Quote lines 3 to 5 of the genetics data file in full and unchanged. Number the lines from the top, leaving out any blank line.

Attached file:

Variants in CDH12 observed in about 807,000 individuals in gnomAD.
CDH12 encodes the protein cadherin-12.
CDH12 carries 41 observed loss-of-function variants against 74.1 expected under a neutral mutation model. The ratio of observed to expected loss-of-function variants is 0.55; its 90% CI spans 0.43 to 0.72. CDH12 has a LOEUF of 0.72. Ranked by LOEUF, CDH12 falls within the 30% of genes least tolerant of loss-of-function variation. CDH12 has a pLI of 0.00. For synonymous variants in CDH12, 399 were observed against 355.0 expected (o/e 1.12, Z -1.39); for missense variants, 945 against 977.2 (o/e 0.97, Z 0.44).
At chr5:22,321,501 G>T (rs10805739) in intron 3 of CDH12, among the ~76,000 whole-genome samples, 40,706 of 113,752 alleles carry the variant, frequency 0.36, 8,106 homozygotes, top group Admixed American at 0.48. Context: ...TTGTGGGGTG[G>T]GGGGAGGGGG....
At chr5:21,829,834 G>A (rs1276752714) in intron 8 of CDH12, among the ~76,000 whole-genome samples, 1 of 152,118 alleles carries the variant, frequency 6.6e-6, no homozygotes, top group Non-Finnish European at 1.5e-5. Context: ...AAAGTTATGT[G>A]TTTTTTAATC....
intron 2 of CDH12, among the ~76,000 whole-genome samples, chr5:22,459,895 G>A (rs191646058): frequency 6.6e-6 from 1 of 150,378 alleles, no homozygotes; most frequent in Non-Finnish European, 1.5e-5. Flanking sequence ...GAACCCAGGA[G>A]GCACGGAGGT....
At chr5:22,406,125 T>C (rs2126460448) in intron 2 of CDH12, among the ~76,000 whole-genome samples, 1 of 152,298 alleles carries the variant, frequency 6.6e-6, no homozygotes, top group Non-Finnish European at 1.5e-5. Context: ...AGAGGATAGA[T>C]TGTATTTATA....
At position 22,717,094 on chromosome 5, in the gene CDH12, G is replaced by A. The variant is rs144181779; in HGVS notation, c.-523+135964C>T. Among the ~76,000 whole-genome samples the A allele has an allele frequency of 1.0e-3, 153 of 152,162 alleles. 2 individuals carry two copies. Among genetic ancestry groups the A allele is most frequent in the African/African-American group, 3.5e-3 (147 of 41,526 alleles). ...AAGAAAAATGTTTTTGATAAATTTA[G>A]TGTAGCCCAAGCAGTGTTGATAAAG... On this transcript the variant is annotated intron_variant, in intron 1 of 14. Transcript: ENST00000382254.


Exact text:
CDH12 carries 41 observed loss-of-function variants against 74.1 expected under a neutral mutation model. The ratio of observed to expected loss-of-function variants is 0.55; its 90% CI spans 0.43 to 0.72. CDH12 has a LOEUF of 0.72. Ranked by LOEUF, CDH12 falls within the 30% of genes least tolerant of loss-of-function variation. CDH12 has a pLI of 0.00. For synonymous variants in CDH12, 399 were observed against 355.0 expected (o/e 1.12, Z -1.39); for missense variants, 945 against 977.2 (o/e 0.97, Z 0.44).
At chr5:22,321,501 G>T (rs10805739) in intron 3 of CDH12, among the ~76,000 whole-genome samples, 40,706 of 113,752 alleles carry the variant, frequency 0.36, 8,106 homozygotes, top group Admixed American at 0.48. Context: ...TTGTGGGGTG[G>T]GGGGAGGGGG....
At chr5:21,829,834 G>A (rs1276752714) in intron 8 of CDH12, among the ~76,000 whole-genome samples, 1 of 152,118 alleles carries the variant, frequency 6.6e-6, no homozygotes, top group Non-Finnish European at 1.5e-5. Context: ...AAAGTTATGT[G>A]TTTTTTAATC....